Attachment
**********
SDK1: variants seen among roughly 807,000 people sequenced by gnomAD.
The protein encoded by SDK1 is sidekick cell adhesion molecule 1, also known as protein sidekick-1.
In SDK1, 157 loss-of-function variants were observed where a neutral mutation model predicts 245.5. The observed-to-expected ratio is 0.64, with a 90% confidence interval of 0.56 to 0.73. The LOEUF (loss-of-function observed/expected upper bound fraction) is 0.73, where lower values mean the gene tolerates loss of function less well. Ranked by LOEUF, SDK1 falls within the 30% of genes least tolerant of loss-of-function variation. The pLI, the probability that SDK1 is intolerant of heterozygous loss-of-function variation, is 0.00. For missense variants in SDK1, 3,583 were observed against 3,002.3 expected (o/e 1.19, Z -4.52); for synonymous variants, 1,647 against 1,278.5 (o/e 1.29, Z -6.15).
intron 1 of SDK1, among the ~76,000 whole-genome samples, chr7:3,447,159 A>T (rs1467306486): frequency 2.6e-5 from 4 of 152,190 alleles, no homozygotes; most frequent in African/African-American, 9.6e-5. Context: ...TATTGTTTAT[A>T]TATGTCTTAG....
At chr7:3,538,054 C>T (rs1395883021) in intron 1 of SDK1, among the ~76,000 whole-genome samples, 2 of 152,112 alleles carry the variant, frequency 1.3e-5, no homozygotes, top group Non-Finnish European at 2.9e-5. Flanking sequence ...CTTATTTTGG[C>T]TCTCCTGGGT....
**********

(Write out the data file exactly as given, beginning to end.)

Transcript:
SDK1: variants seen among roughly 807,000 people sequenced by gnomAD.
The protein encoded by SDK1 is sidekick cell adhesion molecule 1, also known as protein sidekick-1.
In SDK1, 157 loss-of-function variants were observed where a neutral mutation model predicts 245.5. The observed-to-expected ratio is 0.64, with a 90% confidence interval of 0.56 to 0.73. The LOEUF (loss-of-function observed/expected upper bound fraction) is 0.73, where lower values mean the gene tolerates loss of function less well. Ranked by LOEUF, SDK1 falls within the 30% of genes least tolerant of loss-of-function variation. The pLI, the probability that SDK1 is intolerant of heterozygous loss-of-function variation, is 0.00. For missense variants in SDK1, 3,583 were observed against 3,002.3 expected (o/e 1.19, Z -4.52); for synonymous variants, 1,647 against 1,278.5 (o/e 1.29, Z -6.15).
intron 1 of SDK1, among the ~76,000 whole-genome samples, chr7:3,447,159 A>T (rs1467306486): frequency 2.6e-5 from 4 of 152,190 alleles, no homozygotes; most frequent in African/African-American, 9.6e-5. Context: ...TATTGTTTAT[A>T]TATGTCTTAG....
At chr7:3,538,054 C>T (rs1395883021) in intron 1 of SDK1, among the ~76,000 whole-genome samples, 2 of 152,112 alleles carry the variant, frequency 1.3e-5, no homozygotes, top group Non-Finnish European at 2.9e-5. Flanking sequence ...CTTATTTTGG[C>T]TCTCCTGGGT....